World Voice Day 2020 | Focus On Your Voice

World Voice Day aims to highlight the impact of voice changes!

Dysphonia can be caused by many medical and neurological conditions such as Laryngeal Dystonia. Join in to raise awareness, support research into the early diagnosis and management of voice disorders!

Dysphonia can be debilitating and isolating. It can impact on individuals, the workforce and the broader community. It can ruin careers, relationships and lead to depression, yet it is often poorly diagnosed and frequently misunderstood. The Australian Dysphonia Network aims to change that by raising awareness through today’s launch of ‘The Value of Voice’ a short (90 sec) promo clip that is being shared in honour of World Voice Day.


For more information and to help spread awareness click the global links provided!

Types of Dystonia → Laryngeal Dystonia or Spasmodic Dysphonia
Australian Dysphonia Network (ADN) → Voice Disorders downloadable resources
World Voice Day Australia Voice Awareness Resources
World Voice Day → Voice Caring
ADSG Post → Have you heard of Dysphonia or Laryngeal Dystonia?
Brain Foundation → Spasmodic Dystonia
National Spasmodic Dysphonia Association (NSDA) → Voice Conditions
The Dystonia Society (UK) → Voice and laryngeal
Dystonia Medical Research Foundation → Spasmodic Dysphonia
Speech Pathology Australia Factsheets

#WVD #WVDAus #Dystonia #Dysphonia

MDS Blog: Rehabilitation as a Therapeutic Approach for Dystonia

MBS post Snippet:
Dystonia is the third most common movement disorder characterized by excessive involuntary muscle contractions leading to abnormal postures and movements. There are various clinical forms of dystonia, and the current available treatments remain mostly symptomatic. While the vast majority of focal dystonias respond well to pharmacological and surgical treatments, many patients with generalized dystonia continue to have mixed responses. The use of rehabilitation-based treatments has emerged as a means to improve outcomes based on the beneficial effect shown in other movement disorders.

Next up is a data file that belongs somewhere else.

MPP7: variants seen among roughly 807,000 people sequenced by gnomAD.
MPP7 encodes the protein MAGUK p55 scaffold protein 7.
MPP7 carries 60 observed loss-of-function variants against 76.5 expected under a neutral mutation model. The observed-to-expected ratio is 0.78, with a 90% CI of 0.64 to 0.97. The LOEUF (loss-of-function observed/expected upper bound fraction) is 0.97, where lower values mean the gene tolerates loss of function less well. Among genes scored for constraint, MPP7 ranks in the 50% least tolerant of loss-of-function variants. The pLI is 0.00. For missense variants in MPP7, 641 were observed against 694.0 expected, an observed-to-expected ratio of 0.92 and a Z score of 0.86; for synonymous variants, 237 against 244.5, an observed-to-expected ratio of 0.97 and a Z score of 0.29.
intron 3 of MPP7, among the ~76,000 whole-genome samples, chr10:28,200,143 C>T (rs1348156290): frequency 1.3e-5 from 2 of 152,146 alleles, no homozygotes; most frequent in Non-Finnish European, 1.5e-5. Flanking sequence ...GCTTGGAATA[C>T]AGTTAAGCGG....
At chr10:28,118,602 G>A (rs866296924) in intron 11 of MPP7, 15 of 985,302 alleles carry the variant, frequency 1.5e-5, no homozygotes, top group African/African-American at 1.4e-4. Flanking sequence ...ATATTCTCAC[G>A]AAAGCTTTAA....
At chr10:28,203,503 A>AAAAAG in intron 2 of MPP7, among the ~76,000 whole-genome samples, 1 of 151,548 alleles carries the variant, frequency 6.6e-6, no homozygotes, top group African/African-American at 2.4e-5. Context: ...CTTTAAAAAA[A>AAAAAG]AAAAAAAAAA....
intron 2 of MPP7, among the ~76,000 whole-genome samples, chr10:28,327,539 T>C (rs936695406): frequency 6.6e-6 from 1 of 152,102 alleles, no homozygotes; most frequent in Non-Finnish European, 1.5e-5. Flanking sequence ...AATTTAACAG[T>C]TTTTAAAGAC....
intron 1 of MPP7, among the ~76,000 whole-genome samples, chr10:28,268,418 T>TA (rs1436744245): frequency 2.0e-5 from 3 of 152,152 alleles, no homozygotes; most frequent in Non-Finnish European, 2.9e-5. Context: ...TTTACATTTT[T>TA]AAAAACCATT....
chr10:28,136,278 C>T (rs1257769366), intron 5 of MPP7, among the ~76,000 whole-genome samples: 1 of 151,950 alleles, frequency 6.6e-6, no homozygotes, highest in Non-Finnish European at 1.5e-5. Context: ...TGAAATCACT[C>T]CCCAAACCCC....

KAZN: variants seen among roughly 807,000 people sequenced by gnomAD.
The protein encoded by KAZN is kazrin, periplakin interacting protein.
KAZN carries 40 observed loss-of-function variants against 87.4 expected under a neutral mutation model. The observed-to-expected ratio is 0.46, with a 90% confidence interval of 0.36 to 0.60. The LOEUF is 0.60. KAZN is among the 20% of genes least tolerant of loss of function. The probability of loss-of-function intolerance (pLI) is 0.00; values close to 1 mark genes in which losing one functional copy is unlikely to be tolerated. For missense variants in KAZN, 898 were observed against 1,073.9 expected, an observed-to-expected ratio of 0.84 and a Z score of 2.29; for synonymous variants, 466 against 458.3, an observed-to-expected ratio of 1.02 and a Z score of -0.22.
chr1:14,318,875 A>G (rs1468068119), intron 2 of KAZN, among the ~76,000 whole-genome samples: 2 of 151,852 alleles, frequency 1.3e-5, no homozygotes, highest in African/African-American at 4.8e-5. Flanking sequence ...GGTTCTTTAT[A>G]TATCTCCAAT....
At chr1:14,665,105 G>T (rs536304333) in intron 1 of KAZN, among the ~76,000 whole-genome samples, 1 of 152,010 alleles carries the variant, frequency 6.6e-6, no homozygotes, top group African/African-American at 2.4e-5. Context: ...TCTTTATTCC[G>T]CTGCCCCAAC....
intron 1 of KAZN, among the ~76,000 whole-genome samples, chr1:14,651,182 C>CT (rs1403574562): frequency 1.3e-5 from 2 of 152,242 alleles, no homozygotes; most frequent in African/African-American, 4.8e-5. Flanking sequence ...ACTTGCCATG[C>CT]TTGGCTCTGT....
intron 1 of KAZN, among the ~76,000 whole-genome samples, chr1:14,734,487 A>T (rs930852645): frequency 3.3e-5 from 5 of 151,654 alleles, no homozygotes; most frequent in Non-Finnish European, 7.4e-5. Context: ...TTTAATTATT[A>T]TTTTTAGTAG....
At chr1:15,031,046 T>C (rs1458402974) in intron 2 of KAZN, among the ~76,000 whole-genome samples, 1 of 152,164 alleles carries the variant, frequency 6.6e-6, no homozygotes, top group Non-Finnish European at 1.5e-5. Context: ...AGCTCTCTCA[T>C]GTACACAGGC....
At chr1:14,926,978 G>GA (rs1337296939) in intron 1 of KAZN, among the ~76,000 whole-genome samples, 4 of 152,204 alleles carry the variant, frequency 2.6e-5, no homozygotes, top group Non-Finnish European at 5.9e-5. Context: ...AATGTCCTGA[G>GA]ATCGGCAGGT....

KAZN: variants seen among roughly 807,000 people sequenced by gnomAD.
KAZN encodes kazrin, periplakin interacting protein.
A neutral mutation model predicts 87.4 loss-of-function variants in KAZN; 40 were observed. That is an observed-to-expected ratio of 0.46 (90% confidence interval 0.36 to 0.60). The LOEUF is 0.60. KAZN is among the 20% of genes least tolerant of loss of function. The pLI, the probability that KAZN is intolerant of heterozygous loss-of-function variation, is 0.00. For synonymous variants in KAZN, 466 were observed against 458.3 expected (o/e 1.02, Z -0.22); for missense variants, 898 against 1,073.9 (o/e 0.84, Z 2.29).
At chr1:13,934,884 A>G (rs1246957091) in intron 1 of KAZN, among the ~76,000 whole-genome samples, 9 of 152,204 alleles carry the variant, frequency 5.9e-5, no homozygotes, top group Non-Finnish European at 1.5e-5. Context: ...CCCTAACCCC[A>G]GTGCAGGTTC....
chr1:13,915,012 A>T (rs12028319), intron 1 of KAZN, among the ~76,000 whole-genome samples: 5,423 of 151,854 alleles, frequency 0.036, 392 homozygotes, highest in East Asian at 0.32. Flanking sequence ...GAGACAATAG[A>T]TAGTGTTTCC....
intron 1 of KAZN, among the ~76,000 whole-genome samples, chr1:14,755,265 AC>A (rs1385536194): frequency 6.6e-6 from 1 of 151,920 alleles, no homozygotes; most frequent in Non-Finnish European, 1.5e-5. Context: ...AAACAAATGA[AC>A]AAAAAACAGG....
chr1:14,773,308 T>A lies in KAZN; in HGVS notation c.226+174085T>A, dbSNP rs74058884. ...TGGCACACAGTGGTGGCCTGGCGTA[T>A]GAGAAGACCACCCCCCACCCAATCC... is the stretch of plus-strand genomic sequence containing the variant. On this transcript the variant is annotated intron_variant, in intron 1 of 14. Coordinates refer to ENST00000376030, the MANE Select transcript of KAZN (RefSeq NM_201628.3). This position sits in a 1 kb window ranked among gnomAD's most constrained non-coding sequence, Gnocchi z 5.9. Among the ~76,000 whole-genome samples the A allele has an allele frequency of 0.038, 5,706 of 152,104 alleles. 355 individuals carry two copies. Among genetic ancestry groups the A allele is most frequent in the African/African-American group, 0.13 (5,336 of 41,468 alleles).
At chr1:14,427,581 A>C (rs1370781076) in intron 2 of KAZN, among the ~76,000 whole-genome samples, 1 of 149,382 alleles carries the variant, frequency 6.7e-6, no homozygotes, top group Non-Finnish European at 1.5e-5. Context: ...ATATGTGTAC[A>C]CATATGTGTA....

Dr Amit Batla (UCL Queen Square Institute of Neurology), Dr Lynley Bradnam (University of Auckland) and Dr Teresa Kimberley (MGH Institute of Health Professions) who have expertise in this field was invited to discuss the status of employing a rehabilitation approach for the therapy of dystonia. Click link to read further!
MDS Blog: Rehabilitation as a Therapeutic Approach for Dystonia

Consensus Paper: Experimental Neurostimulation of the Cerebellum | Springer for Research & Development

Source: Springer Creative Commons CC BY 

Paper Snippet

The cerebellum is best known for its role in controlling motor behaviors. However, recent work supports the view that it also influences non-motor behaviors. The contribution of the cerebellum towards different brain functions is underscored by its involvement in a diverse and increasing number of neurological and neuropsychiatric conditions including ataxia, dystonia, essential tremor, Parkinson’s disease (PD), epilepsy, stroke, multiple sclerosis, autism spectrum disorders, dyslexia, attention deficit hyperactivity disorder (ADHD), and schizophrenia. Although there are no cures for these conditions, cerebellar stimulation is quickly gaining attention for symptomatic alleviation, as cerebellar circuitry has arisen as a promising target for invasive and non-invasive neuromodulation. This consensus paper brings together experts from the fields of neurophysiology, neurology, and neurosurgery to discuss recent efforts in using the cerebellum as a therapeutic intervention. We report on the most advanced techniques for manipulating cerebellar circuits in humans and animal models and define key hurdles and questions for moving forward.